Tuesday, December 20, 2011

Christmas Favorites {Cookie Jar Design}

This is a very easy, and fun holiday project that I do nearly every year with Kindergarten and 1st grade.

Since things get so crazy around the holidays and my patience is limited with messy projects, this is a good one because it is a mostly no-fail drawing.

I say no-fail because there is a high chance of success as the students use tracers for a majority of the drawing, adding little details that are hand-drawn and distinguish each artwork. Giving students projects where they can be successful, like this one, takes off some of the pressure when students are not confident in their drawing skills.

To begin, I tell students the story of the Gingerbread man. At my school, there is a kit with a fox puppet head and I have a stuffed Gingerbread man and a gingerbread apron. Sometimes I just tell the story using the props, but I let 1st graders use the props and act it out as I tell the story of the gingerbread man.

I use the 'Run Run, As Fast as You can.....You can't catch me, I'm the gingerbread man' as a call back for the lesson....it is fun to teach them and fun to say. I use the call back when I need to get their attention before transitioning into various steps.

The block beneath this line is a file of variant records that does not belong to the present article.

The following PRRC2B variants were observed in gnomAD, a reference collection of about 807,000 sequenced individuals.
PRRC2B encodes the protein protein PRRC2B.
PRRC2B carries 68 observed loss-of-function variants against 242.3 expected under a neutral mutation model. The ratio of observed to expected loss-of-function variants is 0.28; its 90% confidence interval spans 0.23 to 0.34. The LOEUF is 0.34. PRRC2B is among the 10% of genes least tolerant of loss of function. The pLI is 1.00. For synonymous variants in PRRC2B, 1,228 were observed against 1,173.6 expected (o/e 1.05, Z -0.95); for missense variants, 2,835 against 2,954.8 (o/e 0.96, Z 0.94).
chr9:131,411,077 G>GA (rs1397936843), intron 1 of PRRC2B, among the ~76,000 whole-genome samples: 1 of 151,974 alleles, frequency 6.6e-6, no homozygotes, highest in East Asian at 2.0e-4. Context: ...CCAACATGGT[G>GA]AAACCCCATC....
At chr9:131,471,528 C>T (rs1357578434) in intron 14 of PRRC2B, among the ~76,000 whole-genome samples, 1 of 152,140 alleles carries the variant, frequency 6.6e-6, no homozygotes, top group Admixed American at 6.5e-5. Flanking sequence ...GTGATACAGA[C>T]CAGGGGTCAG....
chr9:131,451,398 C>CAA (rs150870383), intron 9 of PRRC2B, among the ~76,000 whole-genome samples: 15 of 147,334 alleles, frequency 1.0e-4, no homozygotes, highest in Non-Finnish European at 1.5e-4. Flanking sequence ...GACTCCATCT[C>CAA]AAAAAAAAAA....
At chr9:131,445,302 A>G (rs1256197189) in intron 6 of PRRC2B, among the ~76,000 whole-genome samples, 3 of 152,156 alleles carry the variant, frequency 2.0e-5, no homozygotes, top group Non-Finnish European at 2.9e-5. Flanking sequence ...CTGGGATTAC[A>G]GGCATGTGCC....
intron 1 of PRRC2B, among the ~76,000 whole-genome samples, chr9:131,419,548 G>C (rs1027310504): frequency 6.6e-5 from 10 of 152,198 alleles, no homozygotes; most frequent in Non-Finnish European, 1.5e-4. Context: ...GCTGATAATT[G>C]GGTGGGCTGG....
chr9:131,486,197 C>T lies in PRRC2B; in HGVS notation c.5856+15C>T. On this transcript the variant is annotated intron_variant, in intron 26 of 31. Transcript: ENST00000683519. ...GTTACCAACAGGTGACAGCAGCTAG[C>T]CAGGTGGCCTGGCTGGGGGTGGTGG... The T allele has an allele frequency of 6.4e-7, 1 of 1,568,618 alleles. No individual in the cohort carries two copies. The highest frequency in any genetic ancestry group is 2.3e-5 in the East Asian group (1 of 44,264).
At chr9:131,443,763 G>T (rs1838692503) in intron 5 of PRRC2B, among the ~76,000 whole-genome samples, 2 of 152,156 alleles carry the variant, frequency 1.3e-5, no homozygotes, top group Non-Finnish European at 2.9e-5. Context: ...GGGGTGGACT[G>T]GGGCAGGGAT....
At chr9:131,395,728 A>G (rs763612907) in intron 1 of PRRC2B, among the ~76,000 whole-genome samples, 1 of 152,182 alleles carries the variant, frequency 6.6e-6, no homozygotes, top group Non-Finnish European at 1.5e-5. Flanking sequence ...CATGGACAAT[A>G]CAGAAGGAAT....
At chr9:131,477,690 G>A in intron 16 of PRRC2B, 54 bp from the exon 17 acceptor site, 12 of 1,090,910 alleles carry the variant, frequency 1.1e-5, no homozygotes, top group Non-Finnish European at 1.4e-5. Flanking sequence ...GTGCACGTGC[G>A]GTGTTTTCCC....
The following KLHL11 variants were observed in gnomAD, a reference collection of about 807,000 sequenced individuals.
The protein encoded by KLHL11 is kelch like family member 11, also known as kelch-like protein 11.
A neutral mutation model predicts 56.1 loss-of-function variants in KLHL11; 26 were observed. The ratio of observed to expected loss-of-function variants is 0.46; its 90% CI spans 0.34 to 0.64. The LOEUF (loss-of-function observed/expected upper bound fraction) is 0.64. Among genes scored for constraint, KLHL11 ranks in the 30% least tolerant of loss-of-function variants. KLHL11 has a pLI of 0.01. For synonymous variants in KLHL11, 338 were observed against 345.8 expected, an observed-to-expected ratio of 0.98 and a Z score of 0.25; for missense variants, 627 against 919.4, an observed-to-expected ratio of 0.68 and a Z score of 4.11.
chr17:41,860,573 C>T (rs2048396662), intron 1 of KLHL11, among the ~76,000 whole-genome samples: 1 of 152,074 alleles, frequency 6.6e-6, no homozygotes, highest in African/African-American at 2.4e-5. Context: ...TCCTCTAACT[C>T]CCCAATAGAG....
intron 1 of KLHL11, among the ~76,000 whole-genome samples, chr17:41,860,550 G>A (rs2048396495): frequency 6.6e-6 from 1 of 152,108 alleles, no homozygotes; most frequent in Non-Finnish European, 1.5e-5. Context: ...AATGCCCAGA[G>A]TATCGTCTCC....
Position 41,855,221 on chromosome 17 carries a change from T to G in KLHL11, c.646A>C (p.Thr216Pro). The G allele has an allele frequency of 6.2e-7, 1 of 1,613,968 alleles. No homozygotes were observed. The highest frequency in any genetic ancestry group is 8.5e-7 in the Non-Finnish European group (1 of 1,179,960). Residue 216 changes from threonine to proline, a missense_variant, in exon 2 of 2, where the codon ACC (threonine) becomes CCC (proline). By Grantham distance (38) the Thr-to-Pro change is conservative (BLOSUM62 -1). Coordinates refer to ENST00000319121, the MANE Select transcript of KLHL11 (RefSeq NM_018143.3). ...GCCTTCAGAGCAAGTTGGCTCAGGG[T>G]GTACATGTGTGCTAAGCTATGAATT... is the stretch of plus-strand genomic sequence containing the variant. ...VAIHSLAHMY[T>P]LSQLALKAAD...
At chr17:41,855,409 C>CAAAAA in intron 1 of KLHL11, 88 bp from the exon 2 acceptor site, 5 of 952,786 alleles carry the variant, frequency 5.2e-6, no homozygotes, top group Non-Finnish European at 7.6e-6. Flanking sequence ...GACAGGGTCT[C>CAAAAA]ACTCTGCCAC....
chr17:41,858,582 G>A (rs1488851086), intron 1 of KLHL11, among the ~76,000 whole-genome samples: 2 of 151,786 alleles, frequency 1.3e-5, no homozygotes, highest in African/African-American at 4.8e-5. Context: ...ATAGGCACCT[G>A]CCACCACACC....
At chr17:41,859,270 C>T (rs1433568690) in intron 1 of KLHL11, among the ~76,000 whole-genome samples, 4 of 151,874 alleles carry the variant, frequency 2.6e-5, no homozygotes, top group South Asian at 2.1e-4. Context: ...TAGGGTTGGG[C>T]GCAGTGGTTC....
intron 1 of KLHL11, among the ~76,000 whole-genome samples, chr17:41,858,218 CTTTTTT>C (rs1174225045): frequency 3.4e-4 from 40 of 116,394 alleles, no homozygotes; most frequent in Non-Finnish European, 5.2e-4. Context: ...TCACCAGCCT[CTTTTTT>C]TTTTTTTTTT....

The purpose of the cookie jar project is to trap the gingerbread man inside so he can't escape and get gobbled up by a fox. I usually have a few books like the Ginerbread Friends and Gingerbread Baby books by Jan Brett in the room for 'candy references'. 

Anyway, after the story, I demonstrate how to trace a big cookie jar on a 12X18 sheet of white paper. Students use pencils to trace 'cookie' shapes. I encourage 1st graders to OVERLAP their shapes....I introduce the concept of OVERLAPPING to Kindergarten, but most of them don't really get it yet and are still getting used to the idea of tracing a shape. The little ones also need to be reminded not to let their shapes float out of the jar, they should remain inside that outline.

Tracers include a bell, tree shape, candy cane, star, gingerbread man, and a round shape that could be a chocolate chip cookie, a donut or a big sucker.

After tracing shapes, and adding candy for the faces, and other simple details, students trace their pencil lines in sharpie marker. I always encourage them to go back with an eraser before they start coloring to make sure that the pencil lines are gone.

Tracers, one set for each table
Students color their designs with crayons and in the last few minutes, I give them scissors to cut out the outside shape of the cookie jar. With Kindergarten, I always have to STRESS that they should ONLY cut out the jar, not each cookie.

After cutting out the jar, students glue a strip along the top for the lid (so the gingerbread man can't get out!).

I usually use this lesson as a make-and-take-home project before Christmas...rather than hanging them up to display, I let everyone take it home the same week.